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Busy with the brush

Boonsboro High School freshman wins annual student art contest

Boonsboro High School freshman wins annual student art contest

November 21, 2006|by CHRIS COPLEY

Student artists from a home school, a private school and two public schools were selected as winners in The Herald-Mail's third annual student art contest.

Olivia "Libby" Henry, a freshman at Boonsboro High School, won the best-of-show award for "Pumpkin Girl," a pastel-and-watercolor portrait of herself as a young girl sitting on a pumpkin.

The 16-inch-by-23-inch painting is vibrant with bright color and patterns, from the Halloween images on her blue clothing to the orange pumpkin to the yellow and brown grass in the background.

Libby, 13, said she likes to paint still lifes of flowers and fruit. She also uses old family photos as subjects. Always, she strives to make it more engaging.

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"I like the element of texture," Libby said. "I like a lot of things going on in a painting. A lot of times, I'll add a pattern that's not there. Sometimes, I'll ignore color in a subject and add one I want."

Libby said she would like to be a professional artist when she gets older. She has seen what it takes to make and sell art - her mother is local potter Allison Severance of Coles Pottery, which is based at their house near Boonsboro.

Judges in The Herald-Mail contest were Don Viar, South Hagerstown High School art teacher; Ron Lytle, owner of Contemporary School of the Arts and Gallery; and Herald-Mail artist Sis Canfield. The judges looked over student entries at The Herald-Mail building.

In addition to the best-of-show award, judges recognized three other works. Eddie Dorsey's pencil drawing, "Burning Gundam," was named the best drawing. Brian Starner's untitled fabric design was named best painting. Lizi Colliflower's ceramic bust, "Greek Goddess," was named the best of the other entries in the catchall category.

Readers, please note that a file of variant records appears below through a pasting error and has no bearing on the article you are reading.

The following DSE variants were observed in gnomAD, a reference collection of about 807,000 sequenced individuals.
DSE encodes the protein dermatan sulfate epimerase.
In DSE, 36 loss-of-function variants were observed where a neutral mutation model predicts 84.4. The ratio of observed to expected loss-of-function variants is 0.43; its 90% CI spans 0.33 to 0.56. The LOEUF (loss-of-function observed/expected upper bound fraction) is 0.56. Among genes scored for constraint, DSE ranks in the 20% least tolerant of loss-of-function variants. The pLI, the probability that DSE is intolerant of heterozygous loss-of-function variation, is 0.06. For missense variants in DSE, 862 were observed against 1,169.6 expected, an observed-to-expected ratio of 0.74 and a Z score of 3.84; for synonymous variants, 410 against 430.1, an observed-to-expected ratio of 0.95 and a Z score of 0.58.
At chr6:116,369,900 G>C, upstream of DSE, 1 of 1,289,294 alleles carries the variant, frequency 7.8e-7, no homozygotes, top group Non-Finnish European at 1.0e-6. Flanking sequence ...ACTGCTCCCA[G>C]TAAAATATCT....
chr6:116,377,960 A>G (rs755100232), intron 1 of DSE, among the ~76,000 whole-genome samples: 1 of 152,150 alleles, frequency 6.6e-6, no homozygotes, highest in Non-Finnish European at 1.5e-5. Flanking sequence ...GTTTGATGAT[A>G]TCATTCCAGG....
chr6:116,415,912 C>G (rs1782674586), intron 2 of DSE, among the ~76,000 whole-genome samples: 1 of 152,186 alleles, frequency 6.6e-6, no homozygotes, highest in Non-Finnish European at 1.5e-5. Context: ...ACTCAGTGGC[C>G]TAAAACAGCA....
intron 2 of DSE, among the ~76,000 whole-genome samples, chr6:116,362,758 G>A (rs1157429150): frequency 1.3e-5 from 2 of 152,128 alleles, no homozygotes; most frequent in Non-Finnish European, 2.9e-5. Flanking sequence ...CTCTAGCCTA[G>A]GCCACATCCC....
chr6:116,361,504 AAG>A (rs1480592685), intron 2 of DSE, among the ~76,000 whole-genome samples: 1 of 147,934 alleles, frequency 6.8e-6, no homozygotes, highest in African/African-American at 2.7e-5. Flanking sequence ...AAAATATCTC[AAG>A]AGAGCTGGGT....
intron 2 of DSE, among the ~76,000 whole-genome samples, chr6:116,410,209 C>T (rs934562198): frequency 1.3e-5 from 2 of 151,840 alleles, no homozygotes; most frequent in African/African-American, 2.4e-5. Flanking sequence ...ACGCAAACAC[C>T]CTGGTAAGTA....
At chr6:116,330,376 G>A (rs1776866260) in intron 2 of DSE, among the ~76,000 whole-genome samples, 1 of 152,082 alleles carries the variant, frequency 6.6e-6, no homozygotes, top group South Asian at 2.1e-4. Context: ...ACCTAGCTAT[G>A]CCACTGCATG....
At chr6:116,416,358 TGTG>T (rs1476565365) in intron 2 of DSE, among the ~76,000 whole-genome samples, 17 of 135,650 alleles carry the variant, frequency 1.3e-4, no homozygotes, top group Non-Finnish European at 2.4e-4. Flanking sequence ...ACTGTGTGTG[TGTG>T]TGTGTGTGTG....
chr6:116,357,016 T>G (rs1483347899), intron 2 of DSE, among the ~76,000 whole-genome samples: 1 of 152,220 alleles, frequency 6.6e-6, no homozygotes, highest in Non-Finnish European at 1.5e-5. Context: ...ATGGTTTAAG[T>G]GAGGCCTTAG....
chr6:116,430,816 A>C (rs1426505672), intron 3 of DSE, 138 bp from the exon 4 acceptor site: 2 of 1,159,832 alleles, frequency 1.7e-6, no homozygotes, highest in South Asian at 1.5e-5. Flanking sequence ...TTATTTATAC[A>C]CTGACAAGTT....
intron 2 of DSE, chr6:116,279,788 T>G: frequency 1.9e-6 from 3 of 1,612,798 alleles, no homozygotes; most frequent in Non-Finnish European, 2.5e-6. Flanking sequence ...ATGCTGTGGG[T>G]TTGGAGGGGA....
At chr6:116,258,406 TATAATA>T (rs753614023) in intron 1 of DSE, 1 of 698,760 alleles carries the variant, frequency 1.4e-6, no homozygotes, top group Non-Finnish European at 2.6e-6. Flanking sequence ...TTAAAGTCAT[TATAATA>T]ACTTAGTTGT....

Libby Henry's portrait was praised by judges for its style and technique. Lytle liked the way she filled the paper with the subject.

"She made it large. The whole effect is nice," he said.

"I like the freedom of it, the looseness," Viar said. "Usually, kids work so tight."

Canfield complimented Libby's use of optical blending - the technique of laying color next to color for the eye to blend, rather than blending the paint on the paper.

For her prize, Libby will receive $50 from The Herald-Mail and free framing courtesy of Howard's Art Supplies & Frames.

Eddie Dorsey's colored pencil drawing caught the judges' eye partly because of its presentation; it was framed behind glass. But the quality of Dorsey's work earned him the top prize. Canfield said she was familiar with Gundams - giant robots from a Japanese children's show that spun off a line of toys.

"(My son) Josh had a model you could put together," Canfield said. "It looks like every piece is here (in the drawing)."

Dorsey, an 18-year-old senior at Saint James School, used to be a big Gundams fan.

"When I was in the eighth grade, I watched the show," he said. He said he used to draw the robots, but then grew out of it. Recently, inspiration drove him to draw a Gundam again. His drawing was picked from among 14 drawings entered in the contest.

Lizi Colliflower, 16, is a home-schooler living in Falling Waters, W.Va. She said her 5-inch-tall sculpture was one of the first pieces she has made with clay.

"I love to express myself through art," she said. "I do all sorts of things, but mostly I like drawing."

The painting by Brian Starner, a 16-year-old sophomore at South Hagerstown High School, is an enlarged fabric sample he painted for art class at school. He said he doesn't paint or draw much - this is his first art class - but he likes the freedom of art.

"I like it because it's not that hard," he said. "We get to pick out what we want to do."

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